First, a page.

As we noted in our earnings preview, Google has done very well over the past couple of years, and the company has outpaced analyst estimates each of the past seven quarters.
That all changed Thursday when the company reported that it had earned $5.71 for its second quarter, well below the $6.59 that analysts had been expecting to see.
Revenues in the quarter were strong, with the company reporting $6.82 billion, well above the $4.99 billion that analysts had expected.
Rising expenses, and fallout from the European debt crisis really took its toll on the company during the quarter. For the three months ended June 30, Google added an additional 1,200 employees, taking its total up to 21,800.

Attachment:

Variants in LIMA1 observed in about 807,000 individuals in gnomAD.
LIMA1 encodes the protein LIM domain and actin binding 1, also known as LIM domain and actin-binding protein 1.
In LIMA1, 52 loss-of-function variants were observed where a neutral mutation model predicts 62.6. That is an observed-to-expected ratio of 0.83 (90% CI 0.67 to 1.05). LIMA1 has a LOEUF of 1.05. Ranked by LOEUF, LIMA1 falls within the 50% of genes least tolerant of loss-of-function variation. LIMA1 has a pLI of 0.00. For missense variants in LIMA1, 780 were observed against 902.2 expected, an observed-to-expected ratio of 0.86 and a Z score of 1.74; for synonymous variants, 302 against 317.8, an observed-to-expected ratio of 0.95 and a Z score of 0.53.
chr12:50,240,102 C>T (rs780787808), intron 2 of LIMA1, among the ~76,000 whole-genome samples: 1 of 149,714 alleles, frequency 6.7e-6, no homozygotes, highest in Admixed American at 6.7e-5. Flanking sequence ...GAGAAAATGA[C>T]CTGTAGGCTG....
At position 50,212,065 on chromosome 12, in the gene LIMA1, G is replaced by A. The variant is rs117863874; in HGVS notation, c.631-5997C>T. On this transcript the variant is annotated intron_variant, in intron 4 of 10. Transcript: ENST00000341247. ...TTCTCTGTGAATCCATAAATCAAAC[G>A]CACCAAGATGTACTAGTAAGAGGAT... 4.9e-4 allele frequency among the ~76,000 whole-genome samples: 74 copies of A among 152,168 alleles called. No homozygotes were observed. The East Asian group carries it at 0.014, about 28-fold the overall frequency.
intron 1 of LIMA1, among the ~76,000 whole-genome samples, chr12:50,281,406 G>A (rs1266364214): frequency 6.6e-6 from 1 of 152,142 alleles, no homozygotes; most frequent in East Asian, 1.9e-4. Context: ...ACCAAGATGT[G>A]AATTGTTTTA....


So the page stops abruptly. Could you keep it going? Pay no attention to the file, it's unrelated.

One thing that disappointed analysts was that the average cost per click on Google ads rose by just 4% in the period.
Search revenue still represents the largest portion of the company's business, accounting for around 90% of its revenues.
Faced with increased competition and sluggish ad revenue growth, analysts are waiting to see what the company is able to do next. And the market is becoming increasingly impatient. Over the past three months the stock has dropped around 17%.
Sandeep Aggarwal, a senior analyst with Caris & Co., stated that "search has slowed down and Google has more competition, but Google's non-search business is not enough to move the needle."
In October 2006, Google purchased the video site YouTube.com for $1.65 billion, and many analysts hoped that the company would announce the video site had finally turned a profit, but that did not happen.
Here is a three-month chart on the stock to get a better idea of just how poorly it has been doing recently: